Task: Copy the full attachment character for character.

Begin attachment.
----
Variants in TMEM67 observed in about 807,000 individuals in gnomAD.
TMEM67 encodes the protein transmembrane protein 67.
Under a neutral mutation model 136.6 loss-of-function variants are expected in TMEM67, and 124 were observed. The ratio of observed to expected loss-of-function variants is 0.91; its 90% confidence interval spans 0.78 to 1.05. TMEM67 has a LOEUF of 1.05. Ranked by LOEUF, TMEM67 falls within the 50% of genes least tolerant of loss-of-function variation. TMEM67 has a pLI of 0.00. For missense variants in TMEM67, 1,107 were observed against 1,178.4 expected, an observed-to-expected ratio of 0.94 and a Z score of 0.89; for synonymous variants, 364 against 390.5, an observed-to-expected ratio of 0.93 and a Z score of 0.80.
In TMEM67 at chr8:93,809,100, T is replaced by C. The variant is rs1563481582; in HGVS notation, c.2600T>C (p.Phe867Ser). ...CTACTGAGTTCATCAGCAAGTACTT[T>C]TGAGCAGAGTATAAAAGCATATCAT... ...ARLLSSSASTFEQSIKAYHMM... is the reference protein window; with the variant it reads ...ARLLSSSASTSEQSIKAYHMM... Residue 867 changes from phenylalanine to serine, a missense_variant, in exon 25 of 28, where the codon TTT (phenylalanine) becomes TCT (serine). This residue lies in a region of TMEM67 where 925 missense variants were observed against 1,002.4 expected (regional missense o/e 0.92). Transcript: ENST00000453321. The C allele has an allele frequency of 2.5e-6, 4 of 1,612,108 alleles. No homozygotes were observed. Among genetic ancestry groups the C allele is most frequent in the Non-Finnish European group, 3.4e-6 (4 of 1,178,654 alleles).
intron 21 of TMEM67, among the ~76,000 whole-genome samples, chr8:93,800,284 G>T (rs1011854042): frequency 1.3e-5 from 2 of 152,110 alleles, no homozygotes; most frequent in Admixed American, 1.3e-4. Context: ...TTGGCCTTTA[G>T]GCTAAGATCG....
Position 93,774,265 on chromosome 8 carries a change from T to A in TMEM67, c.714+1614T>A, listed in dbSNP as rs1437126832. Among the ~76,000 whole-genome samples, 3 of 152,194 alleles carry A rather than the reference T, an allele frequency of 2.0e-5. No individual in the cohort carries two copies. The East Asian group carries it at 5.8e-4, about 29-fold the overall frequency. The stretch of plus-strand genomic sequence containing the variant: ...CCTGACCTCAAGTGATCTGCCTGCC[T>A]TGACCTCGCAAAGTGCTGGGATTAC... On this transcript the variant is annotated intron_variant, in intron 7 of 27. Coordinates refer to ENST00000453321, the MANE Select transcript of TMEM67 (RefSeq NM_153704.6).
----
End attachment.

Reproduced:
Variants in TMEM67 observed in about 807,000 individuals in gnomAD.
TMEM67 encodes the protein transmembrane protein 67.
Under a neutral mutation model 136.6 loss-of-function variants are expected in TMEM67, and 124 were observed. The ratio of observed to expected loss-of-function variants is 0.91; its 90% confidence interval spans 0.78 to 1.05. TMEM67 has a LOEUF of 1.05. Ranked by LOEUF, TMEM67 falls within the 50% of genes least tolerant of loss-of-function variation. TMEM67 has a pLI of 0.00. For missense variants in TMEM67, 1,107 were observed against 1,178.4 expected, an observed-to-expected ratio of 0.94 and a Z score of 0.89; for synonymous variants, 364 against 390.5, an observed-to-expected ratio of 0.93 and a Z score of 0.80.
In TMEM67 at chr8:93,809,100, T is replaced by C. The variant is rs1563481582; in HGVS notation, c.2600T>C (p.Phe867Ser). ...CTACTGAGTTCATCAGCAAGTACTT[T>C]TGAGCAGAGTATAAAAGCATATCAT... ...ARLLSSSASTFEQSIKAYHMM... is the reference protein window; with the variant it reads ...ARLLSSSASTSEQSIKAYHMM... Residue 867 changes from phenylalanine to serine, a missense_variant, in exon 25 of 28, where the codon TTT (phenylalanine) becomes TCT (serine). This residue lies in a region of TMEM67 where 925 missense variants were observed against 1,002.4 expected (regional missense o/e 0.92). Transcript: ENST00000453321. The C allele has an allele frequency of 2.5e-6, 4 of 1,612,108 alleles. No homozygotes were observed. Among genetic ancestry groups the C allele is most frequent in the Non-Finnish European group, 3.4e-6 (4 of 1,178,654 alleles).
intron 21 of TMEM67, among the ~76,000 whole-genome samples, chr8:93,800,284 G>T (rs1011854042): frequency 1.3e-5 from 2 of 152,110 alleles, no homozygotes; most frequent in Admixed American, 1.3e-4. Context: ...TTGGCCTTTA[G>T]GCTAAGATCG....
Position 93,774,265 on chromosome 8 carries a change from T to A in TMEM67, c.714+1614T>A, listed in dbSNP as rs1437126832. Among the ~76,000 whole-genome samples, 3 of 152,194 alleles carry A rather than the reference T, an allele frequency of 2.0e-5. No individual in the cohort carries two copies. The East Asian group carries it at 5.8e-4, about 29-fold the overall frequency. The stretch of plus-strand genomic sequence containing the variant: ...CCTGACCTCAAGTGATCTGCCTGCC[T>A]TGACCTCGCAAAGTGCTGGGATTAC... On this transcript the variant is annotated intron_variant, in intron 7 of 27. Coordinates refer to ENST00000453321, the MANE Select transcript of TMEM67 (RefSeq NM_153704.6).